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ISTANBUL: President Recep Tayyip Erdogan on Saturday said Turkey would not look “positively” on Sweden and Finland’s NATO bids unless its terror-related concerns were addressed, despite broad support from other allies including the United States.

Turkey has long accused Nordic countries, in particular Sweden which has a strong Turkish immigrant community, of harbouring outlawed Kurdish militants as well as supporters of Fethullah Gulen, the US-based preacher wanted over the failed 2016 coup.

Erdogan’s threat throws a major potential obstacle in the way of membership for the hitherto militarily non-aligned Nordic nations since a consensus is required in NATO decisions.

“Unless Sweden and Finland clearly show that they will stand in solidarity with Turkey on fundamental issues, especially in the fight against terrorism, we will not approach these countries’ NATO membership positively,” Erdogan told NATO chief Jens Stoltenberg in a phone call, according to the presidency.

On Twitter, Stoltenberg said he spoke with Erdogan “of our valued ally” on the importance of “NATO’s open door”.

“We agree that the security concerns of all allies must be taken into account and talks need to continue to find a solution,” he said.

On Thursday, Stoltenberg said Turkey’s “concerns” were being addressed to find “an agreement on how to move forward”.

Erdogan, who refused to host delegations from Sweden and Finland in Turkey, held separate phone calls with the two countries’ leaders on Saturday, urging them to abandon financial and political support for “terrorist” groups threatening his country’s national security.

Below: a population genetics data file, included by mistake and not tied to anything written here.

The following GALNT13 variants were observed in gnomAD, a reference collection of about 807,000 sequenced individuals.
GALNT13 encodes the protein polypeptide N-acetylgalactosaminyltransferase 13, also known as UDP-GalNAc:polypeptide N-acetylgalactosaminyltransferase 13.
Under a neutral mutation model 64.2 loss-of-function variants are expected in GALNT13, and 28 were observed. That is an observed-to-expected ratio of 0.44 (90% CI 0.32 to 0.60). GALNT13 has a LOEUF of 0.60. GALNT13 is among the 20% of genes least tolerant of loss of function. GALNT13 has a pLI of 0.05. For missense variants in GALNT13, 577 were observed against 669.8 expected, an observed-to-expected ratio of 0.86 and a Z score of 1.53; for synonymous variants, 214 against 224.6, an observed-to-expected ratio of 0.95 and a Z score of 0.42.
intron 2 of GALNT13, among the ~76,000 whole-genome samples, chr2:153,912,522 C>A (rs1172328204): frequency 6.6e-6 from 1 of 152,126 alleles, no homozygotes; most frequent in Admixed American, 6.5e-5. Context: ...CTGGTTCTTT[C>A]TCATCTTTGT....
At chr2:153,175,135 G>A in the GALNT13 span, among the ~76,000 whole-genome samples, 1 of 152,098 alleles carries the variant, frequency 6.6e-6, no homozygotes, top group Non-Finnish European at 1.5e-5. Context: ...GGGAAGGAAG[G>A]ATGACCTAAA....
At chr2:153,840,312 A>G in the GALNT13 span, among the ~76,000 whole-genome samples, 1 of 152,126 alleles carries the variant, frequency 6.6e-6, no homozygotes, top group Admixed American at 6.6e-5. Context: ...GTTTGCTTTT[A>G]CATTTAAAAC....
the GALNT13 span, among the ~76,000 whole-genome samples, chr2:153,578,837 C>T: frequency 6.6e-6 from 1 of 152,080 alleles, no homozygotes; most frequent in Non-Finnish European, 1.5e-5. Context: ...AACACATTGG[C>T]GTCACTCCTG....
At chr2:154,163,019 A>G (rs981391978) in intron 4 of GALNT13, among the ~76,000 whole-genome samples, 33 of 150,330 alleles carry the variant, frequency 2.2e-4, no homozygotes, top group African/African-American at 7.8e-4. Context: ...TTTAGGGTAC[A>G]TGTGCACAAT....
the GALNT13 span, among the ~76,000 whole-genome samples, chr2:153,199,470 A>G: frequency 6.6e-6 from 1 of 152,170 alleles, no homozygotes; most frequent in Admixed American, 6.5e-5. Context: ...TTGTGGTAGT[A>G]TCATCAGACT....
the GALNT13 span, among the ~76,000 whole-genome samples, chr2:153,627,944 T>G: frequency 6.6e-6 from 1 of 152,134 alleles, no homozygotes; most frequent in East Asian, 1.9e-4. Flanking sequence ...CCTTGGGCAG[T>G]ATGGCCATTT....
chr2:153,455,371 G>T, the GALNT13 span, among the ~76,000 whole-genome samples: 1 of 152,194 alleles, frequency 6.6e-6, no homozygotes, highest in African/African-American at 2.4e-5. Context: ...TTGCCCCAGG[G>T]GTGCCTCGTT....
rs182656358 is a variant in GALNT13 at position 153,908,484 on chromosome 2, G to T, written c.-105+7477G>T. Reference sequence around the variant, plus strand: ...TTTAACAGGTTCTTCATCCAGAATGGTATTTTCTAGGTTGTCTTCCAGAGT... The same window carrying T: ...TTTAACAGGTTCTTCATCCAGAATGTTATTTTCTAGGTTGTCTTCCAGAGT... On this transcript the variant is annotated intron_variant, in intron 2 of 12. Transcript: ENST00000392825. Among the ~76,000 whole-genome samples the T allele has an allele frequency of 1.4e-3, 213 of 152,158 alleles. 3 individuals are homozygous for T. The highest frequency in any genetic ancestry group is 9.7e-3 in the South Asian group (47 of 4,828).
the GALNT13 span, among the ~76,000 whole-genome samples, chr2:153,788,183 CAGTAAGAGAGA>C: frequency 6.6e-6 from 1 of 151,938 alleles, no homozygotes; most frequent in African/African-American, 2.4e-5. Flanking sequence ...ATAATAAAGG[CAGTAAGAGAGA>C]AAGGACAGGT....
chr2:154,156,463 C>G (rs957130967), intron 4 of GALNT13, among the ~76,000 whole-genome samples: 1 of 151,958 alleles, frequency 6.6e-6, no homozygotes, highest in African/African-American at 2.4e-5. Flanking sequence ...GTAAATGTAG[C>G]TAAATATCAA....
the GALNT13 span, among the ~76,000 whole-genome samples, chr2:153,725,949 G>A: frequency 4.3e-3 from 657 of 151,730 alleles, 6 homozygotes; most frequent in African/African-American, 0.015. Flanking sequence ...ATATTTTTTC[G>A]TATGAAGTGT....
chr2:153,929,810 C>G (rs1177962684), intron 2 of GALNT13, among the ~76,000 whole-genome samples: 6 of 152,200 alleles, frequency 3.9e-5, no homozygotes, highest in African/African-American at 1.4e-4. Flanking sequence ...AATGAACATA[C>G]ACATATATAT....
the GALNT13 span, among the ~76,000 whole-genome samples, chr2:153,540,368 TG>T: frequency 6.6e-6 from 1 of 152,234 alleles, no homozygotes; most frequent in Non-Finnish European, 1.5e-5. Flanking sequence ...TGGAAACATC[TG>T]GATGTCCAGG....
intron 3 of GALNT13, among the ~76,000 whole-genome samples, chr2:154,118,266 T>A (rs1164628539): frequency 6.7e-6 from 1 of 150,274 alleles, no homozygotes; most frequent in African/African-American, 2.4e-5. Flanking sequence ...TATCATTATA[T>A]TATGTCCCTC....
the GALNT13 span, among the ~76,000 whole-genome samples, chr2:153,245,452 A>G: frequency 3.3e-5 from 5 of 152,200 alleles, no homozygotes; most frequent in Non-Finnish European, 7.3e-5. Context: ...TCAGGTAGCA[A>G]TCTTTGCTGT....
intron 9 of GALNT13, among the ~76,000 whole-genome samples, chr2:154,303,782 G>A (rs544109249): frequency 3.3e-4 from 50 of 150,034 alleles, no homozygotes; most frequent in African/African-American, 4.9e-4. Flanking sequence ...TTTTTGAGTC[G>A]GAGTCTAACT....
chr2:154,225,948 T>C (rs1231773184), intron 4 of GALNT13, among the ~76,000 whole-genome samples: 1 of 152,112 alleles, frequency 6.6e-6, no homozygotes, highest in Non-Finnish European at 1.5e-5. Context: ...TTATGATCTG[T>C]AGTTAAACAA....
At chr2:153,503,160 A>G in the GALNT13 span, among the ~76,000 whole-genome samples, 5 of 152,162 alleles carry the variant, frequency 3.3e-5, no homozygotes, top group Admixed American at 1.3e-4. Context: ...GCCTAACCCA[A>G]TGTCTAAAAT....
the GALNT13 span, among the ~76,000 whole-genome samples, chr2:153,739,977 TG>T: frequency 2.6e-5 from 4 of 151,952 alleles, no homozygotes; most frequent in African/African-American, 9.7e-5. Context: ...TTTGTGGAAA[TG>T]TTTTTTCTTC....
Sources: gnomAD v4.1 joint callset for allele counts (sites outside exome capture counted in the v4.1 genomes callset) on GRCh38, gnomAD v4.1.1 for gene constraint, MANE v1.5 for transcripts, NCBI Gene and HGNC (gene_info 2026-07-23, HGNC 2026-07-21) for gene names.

He told Swedish Prime Minister Magdalena Andersson that “Sweden’s political, financial and arms support to terrorist organisations must end”, the presidency said.

Turkey expected Sweden to “take concrete and serious steps” that show it shares Ankara’s concerns over the outlawed Kurdistan Workers’ Party (PKK) and its Iraqi and Syrian offshoots, Erdogan told the Swedish premier, according to the presidency.

The PKK has waged an insurgency against the Turkish state since 1984 and is blacklisted as a “terrorist organisation” by Turkey and Western allies like the European Union — which includes Finland and Sweden.

Russia’s invasion of Ukraine in February has shifted political opinion in both Nordic countries in favour of joining the Western military alliance.

Membership requires the consent of all 30 existing members but Turkey is putting a spanner in the works.

Washington Institute fellow Soner Cagaptay said Turkey appeared more favourable to Finland joining NATO than Sweden.

“Ankara is signaling it will greenlight Helsinki’s accession to the alliance, but block membership for Stockholm — unless Sweden delivers concessions” on the PKK, he added.

Sweden and Finland, while solidly Western, have historically kept a distance from NATO as part of longstanding policies aimed at avoiding angering Russia.

But the two nations moved ahead with their membership bid in shock over their giant neighbour’s invasion of Ukraine, which had unsuccessfully sought to join NATO.

Erdogan also told Andersson to “lift restrictions imposed on Turkey in the defence industry” after the army’s Syria operation in 2019.

Andersson tweeted that Sweden looked “forward to strengthening our bilateral relations, including on peace, security, and the fight against terrorism”.

In another phone call with Finnish President Sauli Niinisto, Erdogan said turning a blind eye to “terror” organisations posing a threat to a NATO ally was “incompatible with the spirit of friendship and alliance”.

Erdogan also said it was Turkey’s natural right to expect respect and support for its “legitimate and determined struggle against a clear threat to its national security and people”, according to the presidency.

In return, Niinisto praised “an open and direct phone call” with Erdogan.

“I stated that as NATO allies Finland and Turkey will commit to each other’s security and our relationship will thus grow stronger,” he tweeted.

“Finland condemns terrorism in all its forms and manifestations. Close dialogue continues.”

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